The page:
One great benefit from traveling for an extended period is you get time to actually read. As in for hours on end sometimes. Some of this reading time is voluntary, as when you are kicked back in a hammock by a beach, but other times it’s what you do while waiting or riding. The actual “travel” part of traveling can mean a lot of riding something and waiting to ride something.
I’ve had this book Collapse on my nightstand for at least a year at home and something else always had to be read first, for Perceptive Travel book reviews or something else I was working on. Now that I finally got a chance to read it, I am kicking myself because it has shed light on so many things I’ve wondered about and so many places I’ve been.
In short, it’s a book about how and why some specific societies failed and mostly disappeared: Easter Island, the Maya empires, the Greenland Norse, and others. It’s complicated and there are multiple factors in every case, but a big factor is that the people outconsumed the resources available to them. When the food, water, and forests are gone, then what?
It’s more than a little scary when you apply its findings to modern times, especially with a population that continues to grow (mostly in the poorest and least fertile parts of the world too) and development that is ravaging much of the environment. Interestly though, the two countries cited as being in the most danger are very different: Australia and China.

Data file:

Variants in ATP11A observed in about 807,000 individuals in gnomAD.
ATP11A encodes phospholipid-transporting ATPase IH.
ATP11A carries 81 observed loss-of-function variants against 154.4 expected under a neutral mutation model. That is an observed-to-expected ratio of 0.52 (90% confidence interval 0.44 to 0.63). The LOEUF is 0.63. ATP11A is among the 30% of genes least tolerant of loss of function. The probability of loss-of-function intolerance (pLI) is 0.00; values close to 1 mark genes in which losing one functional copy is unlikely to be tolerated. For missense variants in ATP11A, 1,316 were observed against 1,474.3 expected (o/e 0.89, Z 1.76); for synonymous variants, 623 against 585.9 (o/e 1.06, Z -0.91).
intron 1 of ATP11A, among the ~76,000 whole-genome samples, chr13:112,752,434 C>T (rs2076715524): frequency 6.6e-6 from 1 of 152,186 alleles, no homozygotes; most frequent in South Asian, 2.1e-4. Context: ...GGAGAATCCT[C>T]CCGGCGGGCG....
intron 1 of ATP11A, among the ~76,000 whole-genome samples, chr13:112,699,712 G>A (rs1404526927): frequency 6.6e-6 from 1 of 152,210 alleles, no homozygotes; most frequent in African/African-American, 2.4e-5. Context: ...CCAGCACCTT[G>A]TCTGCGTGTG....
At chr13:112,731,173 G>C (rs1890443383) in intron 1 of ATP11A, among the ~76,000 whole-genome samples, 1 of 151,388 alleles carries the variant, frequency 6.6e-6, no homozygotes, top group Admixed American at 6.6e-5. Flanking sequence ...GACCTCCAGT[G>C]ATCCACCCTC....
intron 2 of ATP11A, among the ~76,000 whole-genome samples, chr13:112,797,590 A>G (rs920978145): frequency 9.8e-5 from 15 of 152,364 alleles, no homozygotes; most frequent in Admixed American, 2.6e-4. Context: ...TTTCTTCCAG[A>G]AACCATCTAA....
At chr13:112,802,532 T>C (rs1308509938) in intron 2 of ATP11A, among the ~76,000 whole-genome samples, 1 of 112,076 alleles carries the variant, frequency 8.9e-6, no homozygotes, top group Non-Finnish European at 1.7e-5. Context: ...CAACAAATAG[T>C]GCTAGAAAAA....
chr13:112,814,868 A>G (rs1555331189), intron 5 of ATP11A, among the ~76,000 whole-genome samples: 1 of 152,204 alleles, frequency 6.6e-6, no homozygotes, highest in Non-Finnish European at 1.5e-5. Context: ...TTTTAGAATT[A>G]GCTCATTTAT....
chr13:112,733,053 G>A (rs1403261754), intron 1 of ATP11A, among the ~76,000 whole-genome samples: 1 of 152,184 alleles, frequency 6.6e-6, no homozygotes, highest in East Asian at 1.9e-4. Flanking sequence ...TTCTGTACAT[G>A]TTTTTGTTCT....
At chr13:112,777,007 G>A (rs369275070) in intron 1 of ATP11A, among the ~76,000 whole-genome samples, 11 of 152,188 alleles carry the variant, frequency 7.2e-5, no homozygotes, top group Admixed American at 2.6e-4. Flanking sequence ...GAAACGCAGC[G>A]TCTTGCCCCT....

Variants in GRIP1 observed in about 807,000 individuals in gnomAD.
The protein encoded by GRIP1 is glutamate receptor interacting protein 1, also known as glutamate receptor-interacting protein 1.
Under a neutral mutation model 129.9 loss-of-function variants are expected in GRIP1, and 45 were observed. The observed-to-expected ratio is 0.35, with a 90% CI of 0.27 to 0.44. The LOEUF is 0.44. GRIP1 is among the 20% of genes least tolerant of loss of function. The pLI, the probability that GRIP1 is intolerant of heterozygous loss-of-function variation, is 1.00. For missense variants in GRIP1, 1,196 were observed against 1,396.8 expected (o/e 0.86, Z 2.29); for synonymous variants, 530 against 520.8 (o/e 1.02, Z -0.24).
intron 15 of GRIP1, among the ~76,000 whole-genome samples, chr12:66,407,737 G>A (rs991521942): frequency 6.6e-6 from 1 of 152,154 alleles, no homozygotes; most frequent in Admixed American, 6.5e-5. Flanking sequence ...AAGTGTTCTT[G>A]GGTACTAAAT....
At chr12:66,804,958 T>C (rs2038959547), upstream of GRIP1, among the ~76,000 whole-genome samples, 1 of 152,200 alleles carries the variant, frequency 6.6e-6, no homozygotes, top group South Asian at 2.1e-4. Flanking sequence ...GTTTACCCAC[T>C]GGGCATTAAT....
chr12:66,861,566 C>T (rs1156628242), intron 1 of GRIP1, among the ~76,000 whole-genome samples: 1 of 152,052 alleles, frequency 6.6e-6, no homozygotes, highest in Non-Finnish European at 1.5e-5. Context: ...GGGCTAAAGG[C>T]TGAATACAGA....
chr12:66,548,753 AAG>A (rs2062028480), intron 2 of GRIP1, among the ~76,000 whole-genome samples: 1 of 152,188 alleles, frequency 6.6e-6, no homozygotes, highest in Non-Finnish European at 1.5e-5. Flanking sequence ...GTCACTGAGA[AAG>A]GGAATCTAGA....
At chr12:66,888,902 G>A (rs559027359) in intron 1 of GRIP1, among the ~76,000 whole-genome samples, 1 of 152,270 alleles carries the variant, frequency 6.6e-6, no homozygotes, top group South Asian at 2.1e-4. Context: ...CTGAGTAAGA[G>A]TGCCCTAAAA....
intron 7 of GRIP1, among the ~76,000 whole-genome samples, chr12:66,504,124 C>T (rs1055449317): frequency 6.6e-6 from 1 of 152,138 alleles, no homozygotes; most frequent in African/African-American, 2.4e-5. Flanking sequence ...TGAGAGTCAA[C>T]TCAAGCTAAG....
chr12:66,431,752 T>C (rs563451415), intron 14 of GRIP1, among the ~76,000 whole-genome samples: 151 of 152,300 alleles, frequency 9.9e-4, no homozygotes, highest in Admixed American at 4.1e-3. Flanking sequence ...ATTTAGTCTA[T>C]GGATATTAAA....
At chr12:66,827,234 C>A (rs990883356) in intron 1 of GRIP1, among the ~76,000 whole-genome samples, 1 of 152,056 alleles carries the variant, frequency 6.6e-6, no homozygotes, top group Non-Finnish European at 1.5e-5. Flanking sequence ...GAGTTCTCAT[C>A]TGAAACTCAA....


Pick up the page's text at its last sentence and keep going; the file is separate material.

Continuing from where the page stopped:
Australia’s main problem is that it’s a barren land without much decent soil. Australia is like a big potted plant. In order to support agriculture or even productive fisheries, outside nutrients must be added, over and over again. (Now you know why most Australian Chardonay tastes the same.)
“While 60% of Australian land area and 80% of its human water use are dedicated to agriculture, the value of agriculture relative to other sectors of the Australian economy has been shrinking to the point where it now contributes less than 3% of the gross national product. It turns out that 80% of Australia’s agricultural profits are derived from less than 0.8% of its agricultural land…”
Plus it has the second man-made problem of being full of introduced foreign pests—especially rabbits. More species have been eliminated there than on any other continent in modern times. “Australia could be the first First World country to fail due to environmental degradation.”
Almost every statistic you read on China is mind-boggling, both the good and the bad. Here are a few winners:
Average blood lead levels in Chinese city dwellers are nearly double the level considered dangerously high elsewhere. About 300,000 deaths a year and 8% of GDP are attributed to air pollution. (1,800 cigarettes per year per person doesn’t help either.)
Until 1950, dust storms used to afflict northwestern China on the average once every 31 years. From 1950 until 1990, once every 20 months. Since 1990, the storms have occurred almost every year.
Apart from a tendency to trash the environment at every turn, China’s main “problem” is its rapid growth in wealth. By 2015 China will add 126 million NEW households, more than the total number of U.S. households now.
“If China’s per-capita consumption do rise to First World levels, and even in nothing about the rest of the world changed…then that production/consumption rate increase alone would translate ( as multiplied by China’s population) into an increase in total World production or consumption of 94% of industrial metals.”
“In other words, China’s achievement of First World standards will approximately double the the entire world’s resource use and environmental impact.”
How long will it take to reverse the bad habits and the environmental declines? This stat is not encouraging: “With 20% of the world’s population, China accounts for only 1% of the world’s outlay in education.”